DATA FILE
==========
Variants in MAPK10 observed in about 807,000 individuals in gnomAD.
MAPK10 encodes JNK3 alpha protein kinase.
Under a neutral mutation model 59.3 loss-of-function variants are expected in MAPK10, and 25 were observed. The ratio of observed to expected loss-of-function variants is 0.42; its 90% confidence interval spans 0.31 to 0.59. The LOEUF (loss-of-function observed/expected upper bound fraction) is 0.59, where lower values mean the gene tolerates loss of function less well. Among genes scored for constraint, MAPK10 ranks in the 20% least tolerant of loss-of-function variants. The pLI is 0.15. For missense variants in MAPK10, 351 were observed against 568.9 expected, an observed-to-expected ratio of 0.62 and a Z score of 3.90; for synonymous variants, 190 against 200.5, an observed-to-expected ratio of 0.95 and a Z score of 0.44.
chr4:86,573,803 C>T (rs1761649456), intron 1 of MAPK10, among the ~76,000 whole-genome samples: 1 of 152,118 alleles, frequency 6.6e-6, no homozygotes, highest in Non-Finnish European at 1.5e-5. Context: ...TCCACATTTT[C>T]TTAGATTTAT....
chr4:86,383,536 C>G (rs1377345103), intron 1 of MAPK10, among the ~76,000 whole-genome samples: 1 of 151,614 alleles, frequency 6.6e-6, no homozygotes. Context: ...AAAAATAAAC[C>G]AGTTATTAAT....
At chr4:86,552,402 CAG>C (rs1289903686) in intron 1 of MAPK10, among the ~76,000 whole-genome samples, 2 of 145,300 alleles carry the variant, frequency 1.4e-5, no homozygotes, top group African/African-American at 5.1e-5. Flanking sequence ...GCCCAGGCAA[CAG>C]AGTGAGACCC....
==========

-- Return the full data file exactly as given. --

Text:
Variants in MAPK10 observed in about 807,000 individuals in gnomAD.
MAPK10 encodes JNK3 alpha protein kinase.
Under a neutral mutation model 59.3 loss-of-function variants are expected in MAPK10, and 25 were observed. The ratio of observed to expected loss-of-function variants is 0.42; its 90% confidence interval spans 0.31 to 0.59. The LOEUF (loss-of-function observed/expected upper bound fraction) is 0.59, where lower values mean the gene tolerates loss of function less well. Among genes scored for constraint, MAPK10 ranks in the 20% least tolerant of loss-of-function variants. The pLI is 0.15. For missense variants in MAPK10, 351 were observed against 568.9 expected, an observed-to-expected ratio of 0.62 and a Z score of 3.90; for synonymous variants, 190 against 200.5, an observed-to-expected ratio of 0.95 and a Z score of 0.44.
chr4:86,573,803 C>T (rs1761649456), intron 1 of MAPK10, among the ~76,000 whole-genome samples: 1 of 152,118 alleles, frequency 6.6e-6, no homozygotes, highest in Non-Finnish European at 1.5e-5. Context: ...TCCACATTTT[C>T]TTAGATTTAT....
chr4:86,383,536 C>G (rs1377345103), intron 1 of MAPK10, among the ~76,000 whole-genome samples: 1 of 151,614 alleles, frequency 6.6e-6, no homozygotes. Context: ...AAAAATAAAC[C>G]AGTTATTAAT....
At chr4:86,552,402 CAG>C (rs1289903686) in intron 1 of MAPK10, among the ~76,000 whole-genome samples, 2 of 145,300 alleles carry the variant, frequency 1.4e-5, no homozygotes, top group African/African-American at 5.1e-5. Flanking sequence ...GCCCAGGCAA[CAG>C]AGTGAGACCC....